1st April 2019
First direct detection of exoplanet using optical interferometry
ESO astronomers, employing the GRAVITY instrument on their Very Large Telescope Interferometer (VLTI), have announced the first direct detection of an exoplanet via optical interferometry.
"GRAVITY", an instrument on the European Southern Observatory's (ESO) Very Large Telescope Interferometer (VLTI) has made the first direct observation of an exoplanet using optical interferometry. This method revealed a complex exoplanetary atmosphere. The technique, described in the peer-reviewed journal Astronomy and Astrophysics, presents unique possibilities for characterising many of the exoplanets known today.
The exoplanet was discovered in 2010, orbiting the young star HR8799, which lies 129 light years from Earth in the constellation of Pegasus. Although it is classed as a main-sequence star, HR8799 belongs to a rare group known as Lambda Boötis, peculiar stars with a lack of metals in their upper atmospheres that combine properties of A and F-type stars.
The planet in this study, HR8799e, is a 'super-Jupiter' – both more massive and much younger than any planet orbiting the Sun. At only 30 million years old, it is a baby in astronomical terms and young enough to give scientists a window into the early formation of planets and planetary systems. With a powerful greenhouse effect and leftover energy from its formation, HR8799e is a truly hellish place. Clouds of hot iron and silicate particles blanket the entire planet in a raging storm that exceeds 1000 °C (1832 °F), more than double the temperature of Venus.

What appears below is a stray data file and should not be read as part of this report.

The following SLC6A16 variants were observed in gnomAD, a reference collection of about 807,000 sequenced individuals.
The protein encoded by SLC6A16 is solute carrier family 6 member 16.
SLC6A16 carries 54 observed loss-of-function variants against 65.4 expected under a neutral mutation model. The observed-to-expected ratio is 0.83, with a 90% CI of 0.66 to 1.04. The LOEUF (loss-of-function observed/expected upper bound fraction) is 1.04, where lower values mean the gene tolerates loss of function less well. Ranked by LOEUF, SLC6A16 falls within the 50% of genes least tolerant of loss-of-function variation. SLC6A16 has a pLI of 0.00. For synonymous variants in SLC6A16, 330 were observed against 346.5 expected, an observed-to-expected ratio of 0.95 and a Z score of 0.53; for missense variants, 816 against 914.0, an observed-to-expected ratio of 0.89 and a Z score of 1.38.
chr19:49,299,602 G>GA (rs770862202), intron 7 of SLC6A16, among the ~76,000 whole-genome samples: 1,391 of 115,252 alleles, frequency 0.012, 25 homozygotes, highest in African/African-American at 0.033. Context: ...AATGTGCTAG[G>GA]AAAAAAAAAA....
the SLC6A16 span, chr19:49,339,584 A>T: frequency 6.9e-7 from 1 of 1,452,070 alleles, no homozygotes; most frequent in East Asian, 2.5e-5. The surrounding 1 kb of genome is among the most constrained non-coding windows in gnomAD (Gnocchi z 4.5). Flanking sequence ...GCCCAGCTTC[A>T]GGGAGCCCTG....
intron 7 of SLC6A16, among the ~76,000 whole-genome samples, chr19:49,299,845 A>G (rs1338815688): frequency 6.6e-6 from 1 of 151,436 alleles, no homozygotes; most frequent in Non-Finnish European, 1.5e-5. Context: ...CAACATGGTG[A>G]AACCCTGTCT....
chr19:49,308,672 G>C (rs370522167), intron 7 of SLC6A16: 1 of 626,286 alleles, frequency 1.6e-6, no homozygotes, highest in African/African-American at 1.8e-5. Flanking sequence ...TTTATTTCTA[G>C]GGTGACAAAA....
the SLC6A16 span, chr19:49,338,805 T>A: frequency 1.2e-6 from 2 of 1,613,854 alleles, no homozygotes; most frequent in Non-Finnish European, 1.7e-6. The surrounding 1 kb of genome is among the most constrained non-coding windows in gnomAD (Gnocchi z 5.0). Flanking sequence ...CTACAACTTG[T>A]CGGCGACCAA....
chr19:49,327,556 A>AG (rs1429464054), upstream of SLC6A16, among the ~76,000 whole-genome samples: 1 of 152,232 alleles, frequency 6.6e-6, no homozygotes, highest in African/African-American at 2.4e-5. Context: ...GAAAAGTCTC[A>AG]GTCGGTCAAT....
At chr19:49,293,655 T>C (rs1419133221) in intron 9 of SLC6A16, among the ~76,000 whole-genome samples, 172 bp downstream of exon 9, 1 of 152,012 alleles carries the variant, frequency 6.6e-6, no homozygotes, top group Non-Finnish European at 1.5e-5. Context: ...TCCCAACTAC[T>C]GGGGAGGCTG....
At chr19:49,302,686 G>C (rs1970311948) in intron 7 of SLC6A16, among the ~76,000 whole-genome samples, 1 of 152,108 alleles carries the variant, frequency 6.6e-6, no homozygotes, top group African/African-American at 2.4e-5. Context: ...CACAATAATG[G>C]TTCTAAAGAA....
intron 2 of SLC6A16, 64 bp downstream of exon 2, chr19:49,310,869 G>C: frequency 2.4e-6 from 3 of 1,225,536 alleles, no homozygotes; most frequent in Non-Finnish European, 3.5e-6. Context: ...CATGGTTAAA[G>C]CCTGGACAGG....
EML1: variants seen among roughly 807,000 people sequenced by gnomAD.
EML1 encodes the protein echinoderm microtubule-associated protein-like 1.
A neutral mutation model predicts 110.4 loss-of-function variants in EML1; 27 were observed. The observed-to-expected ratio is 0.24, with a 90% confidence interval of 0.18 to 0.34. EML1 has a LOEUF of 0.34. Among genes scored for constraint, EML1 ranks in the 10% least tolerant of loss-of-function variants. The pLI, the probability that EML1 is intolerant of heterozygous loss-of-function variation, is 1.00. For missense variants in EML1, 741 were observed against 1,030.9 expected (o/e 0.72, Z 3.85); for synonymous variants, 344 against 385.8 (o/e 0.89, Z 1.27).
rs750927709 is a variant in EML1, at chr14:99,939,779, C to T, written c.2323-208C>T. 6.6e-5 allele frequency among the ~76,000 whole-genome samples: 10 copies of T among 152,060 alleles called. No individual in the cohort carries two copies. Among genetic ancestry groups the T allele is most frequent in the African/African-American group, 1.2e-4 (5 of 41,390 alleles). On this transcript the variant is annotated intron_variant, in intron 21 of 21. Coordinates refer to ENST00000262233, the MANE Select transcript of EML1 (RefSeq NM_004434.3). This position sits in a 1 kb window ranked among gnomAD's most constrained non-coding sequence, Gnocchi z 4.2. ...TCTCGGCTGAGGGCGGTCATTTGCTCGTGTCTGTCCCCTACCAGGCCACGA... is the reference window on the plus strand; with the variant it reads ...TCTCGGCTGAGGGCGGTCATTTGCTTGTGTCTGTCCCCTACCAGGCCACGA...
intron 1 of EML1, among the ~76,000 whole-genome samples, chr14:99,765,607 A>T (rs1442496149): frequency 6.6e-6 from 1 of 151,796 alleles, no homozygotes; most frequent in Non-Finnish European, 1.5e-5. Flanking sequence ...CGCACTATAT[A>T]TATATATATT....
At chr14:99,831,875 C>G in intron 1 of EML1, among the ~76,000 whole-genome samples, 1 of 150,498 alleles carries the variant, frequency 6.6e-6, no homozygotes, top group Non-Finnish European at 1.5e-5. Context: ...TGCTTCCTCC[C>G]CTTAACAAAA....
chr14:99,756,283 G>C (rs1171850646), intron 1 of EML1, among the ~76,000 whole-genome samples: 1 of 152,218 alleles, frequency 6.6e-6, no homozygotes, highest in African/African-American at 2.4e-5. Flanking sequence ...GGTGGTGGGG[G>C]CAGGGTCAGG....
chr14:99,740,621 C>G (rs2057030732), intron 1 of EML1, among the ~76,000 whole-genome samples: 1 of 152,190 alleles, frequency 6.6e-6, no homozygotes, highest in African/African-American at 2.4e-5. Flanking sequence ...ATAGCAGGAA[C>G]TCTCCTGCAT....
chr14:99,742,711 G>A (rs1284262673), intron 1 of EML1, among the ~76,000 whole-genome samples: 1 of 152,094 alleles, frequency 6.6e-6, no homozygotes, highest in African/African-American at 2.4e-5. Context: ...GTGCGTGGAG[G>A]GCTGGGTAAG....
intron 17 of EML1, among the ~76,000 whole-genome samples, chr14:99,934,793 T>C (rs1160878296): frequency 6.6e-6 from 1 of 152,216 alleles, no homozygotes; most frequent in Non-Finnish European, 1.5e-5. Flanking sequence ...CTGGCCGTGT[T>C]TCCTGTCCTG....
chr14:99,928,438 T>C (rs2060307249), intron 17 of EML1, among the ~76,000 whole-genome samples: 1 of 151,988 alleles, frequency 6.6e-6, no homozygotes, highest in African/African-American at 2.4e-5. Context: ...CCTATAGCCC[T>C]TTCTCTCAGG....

Revealing these characteristics of HR8799e required an instrument with very high resolution and sensitivity. GRAVITY can use ESO's four unit telescopes to work together and mimic a single larger telescope, using a technique known as interferometry. This creates a super-telescope – the VLTI – that collects and precisely disentangles the light from a planet's atmosphere and the light from its parent star.
This was the first time that optical interferometry has been used to reveal the details of an exoplanet, and the new technique furnished a spectrum of unprecedented quality – 10 times more detailed than earlier observations. By using GRAVITY, the team's measurements were able to confirm the composition of HR8799e's atmosphere, which contained some surprises.
"Our analysis showed that HR8799e has an atmosphere containing far more carbon monoxide than methane – something not expected from equilibrium chemistry," explains team leader, Sylvestre Lacour. "We can best explain this surprising result with high vertical winds within the atmosphere preventing the carbon monoxide from reacting with hydrogen to form methane."
An excess of carbon monoxide, when combined with clouds of iron and silicate dust, suggests that HR8799e is shrouded by an enormous and violent storm.
"Our observations suggest a ball of gas illuminated from the interior, with rays of warm light swirling through stormy patches of dark clouds," elaborates Lacour. "Convection moves around the clouds of silicate and iron particles, which disaggregate and rain down into the interior. This paints a picture of a dynamic atmosphere of a giant exoplanet at birth, undergoing complex physical and chemical processes."
This result builds on GRAVITY's already impressive string of discoveries – such as last year's observation of gas swirling at 30% of light speed just outside the event horizon of Sagittarius A*, the supermassive black hole at the centre of our galaxy. It also provides a new way of observing exoplanets and their atmospheres in greater detail than ever, paving the way to many more impressive discoveries.